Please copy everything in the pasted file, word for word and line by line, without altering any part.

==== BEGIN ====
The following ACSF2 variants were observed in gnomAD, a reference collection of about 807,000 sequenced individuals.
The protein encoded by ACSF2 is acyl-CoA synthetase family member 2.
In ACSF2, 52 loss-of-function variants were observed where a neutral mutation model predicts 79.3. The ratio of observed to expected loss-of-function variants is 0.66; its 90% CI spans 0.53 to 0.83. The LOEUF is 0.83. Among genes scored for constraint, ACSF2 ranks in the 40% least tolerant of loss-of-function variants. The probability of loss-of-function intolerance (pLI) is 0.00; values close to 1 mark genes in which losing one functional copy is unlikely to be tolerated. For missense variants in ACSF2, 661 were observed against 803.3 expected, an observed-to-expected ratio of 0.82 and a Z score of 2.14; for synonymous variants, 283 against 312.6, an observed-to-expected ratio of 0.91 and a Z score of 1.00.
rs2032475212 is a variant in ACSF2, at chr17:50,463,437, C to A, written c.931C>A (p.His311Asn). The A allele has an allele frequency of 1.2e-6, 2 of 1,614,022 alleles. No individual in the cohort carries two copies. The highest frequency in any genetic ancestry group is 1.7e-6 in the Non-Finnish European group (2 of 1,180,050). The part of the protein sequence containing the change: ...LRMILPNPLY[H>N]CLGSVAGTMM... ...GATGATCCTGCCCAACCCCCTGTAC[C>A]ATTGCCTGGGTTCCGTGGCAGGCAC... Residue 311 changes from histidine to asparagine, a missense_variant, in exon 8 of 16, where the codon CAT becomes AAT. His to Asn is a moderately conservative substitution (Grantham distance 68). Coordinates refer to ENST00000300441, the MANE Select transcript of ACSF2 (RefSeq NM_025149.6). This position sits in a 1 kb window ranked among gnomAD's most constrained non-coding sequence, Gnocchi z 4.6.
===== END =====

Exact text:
The following ACSF2 variants were observed in gnomAD, a reference collection of about 807,000 sequenced individuals.
The protein encoded by ACSF2 is acyl-CoA synthetase family member 2.
In ACSF2, 52 loss-of-function variants were observed where a neutral mutation model predicts 79.3. The ratio of observed to expected loss-of-function variants is 0.66; its 90% CI spans 0.53 to 0.83. The LOEUF is 0.83. Among genes scored for constraint, ACSF2 ranks in the 40% least tolerant of loss-of-function variants. The probability of loss-of-function intolerance (pLI) is 0.00; values close to 1 mark genes in which losing one functional copy is unlikely to be tolerated. For missense variants in ACSF2, 661 were observed against 803.3 expected, an observed-to-expected ratio of 0.82 and a Z score of 2.14; for synonymous variants, 283 against 312.6, an observed-to-expected ratio of 0.91 and a Z score of 1.00.
rs2032475212 is a variant in ACSF2, at chr17:50,463,437, C to A, written c.931C>A (p.His311Asn). The A allele has an allele frequency of 1.2e-6, 2 of 1,614,022 alleles. No individual in the cohort carries two copies. The highest frequency in any genetic ancestry group is 1.7e-6 in the Non-Finnish European group (2 of 1,180,050). The part of the protein sequence containing the change: ...LRMILPNPLY[H>N]CLGSVAGTMM... ...GATGATCCTGCCCAACCCCCTGTAC[C>A]ATTGCCTGGGTTCCGTGGCAGGCAC... Residue 311 changes from histidine to asparagine, a missense_variant, in exon 8 of 16, where the codon CAT becomes AAT. His to Asn is a moderately conservative substitution (Grantham distance 68). Coordinates refer to ENST00000300441, the MANE Select transcript of ACSF2 (RefSeq NM_025149.6). This position sits in a 1 kb window ranked among gnomAD's most constrained non-coding sequence, Gnocchi z 4.6.